By Paul Thomasch
NEW YORK, Oct 19 (Reuters) - A Broadway production team on
Friday filed a $100 million fraud lawsuit against a stockbroker
accused of jeopardizing the musical production of "Rebecca" by
concocting an elaborate ruse that included fictional characters
and a mysterious death.
The suit against Mark Hotton, 46, comes days after
authorities charged him with two counts of wire fraud for
allegedly having fabricated investors - one of whom he claimed
suddenly died from malaria - to dupe the producers of "Rebecca:
A gothic thriller based on a 1938 Daphne du Maurier novel,
"Rebecca" had been set to make its Broadway debut this fall in a
$12 million production pulled together by Ben Sprecher and
When the play ran into financing trouble, Sprecher and
Forlenza were put in contact with Hotton, whom the suit alleges
came up with four "investors" willing to pledge $4.5 million.
"In fact, Hotton was perpetrating an elaborate ruse. None of
the investors existed; he had concocted them all," according to
the lawsuit filed in New York state court. "Hotton made up the
names, dates of birth, home addresses, email addresses,
telephone numbers, and signatures of purported investors."
Just before the financing was due, the suit charged, Hotton
gave the production team troubling news: Paul Abrams, the
largest single investor, had died of malaria and the three other
investors were pulling out.
"This was a lie," the suit said, "although plaintiffs did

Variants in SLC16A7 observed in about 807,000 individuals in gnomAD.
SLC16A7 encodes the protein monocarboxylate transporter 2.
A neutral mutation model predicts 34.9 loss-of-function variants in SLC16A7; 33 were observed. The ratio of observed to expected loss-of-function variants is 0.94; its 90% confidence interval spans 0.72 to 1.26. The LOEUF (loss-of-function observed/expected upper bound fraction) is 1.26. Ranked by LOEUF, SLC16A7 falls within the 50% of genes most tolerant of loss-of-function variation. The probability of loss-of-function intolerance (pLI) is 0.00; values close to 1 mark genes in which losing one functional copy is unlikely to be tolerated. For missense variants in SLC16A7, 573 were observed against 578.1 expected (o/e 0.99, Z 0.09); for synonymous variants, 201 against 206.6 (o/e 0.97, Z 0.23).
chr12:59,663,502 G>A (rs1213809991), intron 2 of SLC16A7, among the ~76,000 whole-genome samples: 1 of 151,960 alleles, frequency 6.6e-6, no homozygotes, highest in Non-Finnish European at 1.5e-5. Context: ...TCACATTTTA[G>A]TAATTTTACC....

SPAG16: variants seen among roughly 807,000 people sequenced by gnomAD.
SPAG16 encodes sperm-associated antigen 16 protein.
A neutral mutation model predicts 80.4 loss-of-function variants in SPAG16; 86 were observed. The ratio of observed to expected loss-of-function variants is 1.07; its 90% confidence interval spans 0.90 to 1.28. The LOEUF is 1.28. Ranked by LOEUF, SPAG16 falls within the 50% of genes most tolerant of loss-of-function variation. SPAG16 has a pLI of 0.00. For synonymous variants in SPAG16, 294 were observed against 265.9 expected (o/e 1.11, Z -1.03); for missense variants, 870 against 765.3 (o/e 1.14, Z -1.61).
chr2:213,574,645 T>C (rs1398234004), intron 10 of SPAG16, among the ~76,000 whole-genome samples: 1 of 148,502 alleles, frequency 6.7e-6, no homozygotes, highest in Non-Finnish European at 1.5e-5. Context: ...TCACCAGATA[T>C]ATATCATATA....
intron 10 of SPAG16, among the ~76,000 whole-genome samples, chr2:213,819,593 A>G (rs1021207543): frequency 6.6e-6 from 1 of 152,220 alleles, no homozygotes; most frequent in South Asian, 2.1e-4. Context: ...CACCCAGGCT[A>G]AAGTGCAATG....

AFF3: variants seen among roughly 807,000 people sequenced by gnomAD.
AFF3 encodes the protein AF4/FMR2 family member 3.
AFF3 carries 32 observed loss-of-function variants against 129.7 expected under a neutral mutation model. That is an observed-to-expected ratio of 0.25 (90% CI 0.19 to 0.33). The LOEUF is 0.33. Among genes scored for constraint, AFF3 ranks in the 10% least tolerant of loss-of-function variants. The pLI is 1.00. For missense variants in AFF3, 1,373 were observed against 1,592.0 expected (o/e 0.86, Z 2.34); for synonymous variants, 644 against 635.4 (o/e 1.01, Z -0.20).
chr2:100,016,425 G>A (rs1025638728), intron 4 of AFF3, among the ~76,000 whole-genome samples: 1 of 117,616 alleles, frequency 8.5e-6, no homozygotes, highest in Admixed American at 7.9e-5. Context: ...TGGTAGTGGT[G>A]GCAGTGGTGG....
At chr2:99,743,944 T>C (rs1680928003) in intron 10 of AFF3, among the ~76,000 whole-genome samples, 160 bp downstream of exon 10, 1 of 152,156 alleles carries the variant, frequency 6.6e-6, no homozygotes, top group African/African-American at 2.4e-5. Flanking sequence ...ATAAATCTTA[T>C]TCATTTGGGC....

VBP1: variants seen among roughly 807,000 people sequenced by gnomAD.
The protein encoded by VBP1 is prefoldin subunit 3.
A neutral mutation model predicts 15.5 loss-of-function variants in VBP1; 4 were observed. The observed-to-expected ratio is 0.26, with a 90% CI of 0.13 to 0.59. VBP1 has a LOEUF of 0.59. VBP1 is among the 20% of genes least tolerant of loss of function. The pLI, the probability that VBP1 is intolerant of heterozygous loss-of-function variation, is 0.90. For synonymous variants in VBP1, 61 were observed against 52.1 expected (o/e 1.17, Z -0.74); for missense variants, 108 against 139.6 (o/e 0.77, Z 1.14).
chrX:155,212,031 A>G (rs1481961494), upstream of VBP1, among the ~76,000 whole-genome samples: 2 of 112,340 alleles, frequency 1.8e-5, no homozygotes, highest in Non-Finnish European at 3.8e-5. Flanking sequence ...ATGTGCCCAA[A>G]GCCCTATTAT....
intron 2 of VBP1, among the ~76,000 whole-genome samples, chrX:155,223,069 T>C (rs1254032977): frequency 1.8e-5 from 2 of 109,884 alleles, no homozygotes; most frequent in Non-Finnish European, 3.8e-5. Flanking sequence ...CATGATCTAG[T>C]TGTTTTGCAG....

not know it at the time."
Adding another twist to the drama, the suit said an investor
who read accounts of the show's financial drama swept in to
offer $2.25 million to save "Rebecca." The investor was not
identified in the suit.
But that financing also fell apart when the investor
received an email from someone using a false name, the suit
This person wrote that "the walls are about to cave in" on
the production and "with this prospect of fraud, an ongoing
money shortage, a bad public perception, anemic ticket sales,
and a rabid press corps, the only good reason to invest" in the
show would be for a tax write-off.
Sprecher and Forlenza have sued the email' s author for
The show's producers have delayed its opening, and there are
now doubts about the future of a musical that debuted in 2006 in
Vienna, Austria, but has yet to make it to London or Broadway.
If it doesn't open, the lawsuit said, Hotton would be
"responsible for its destruction."
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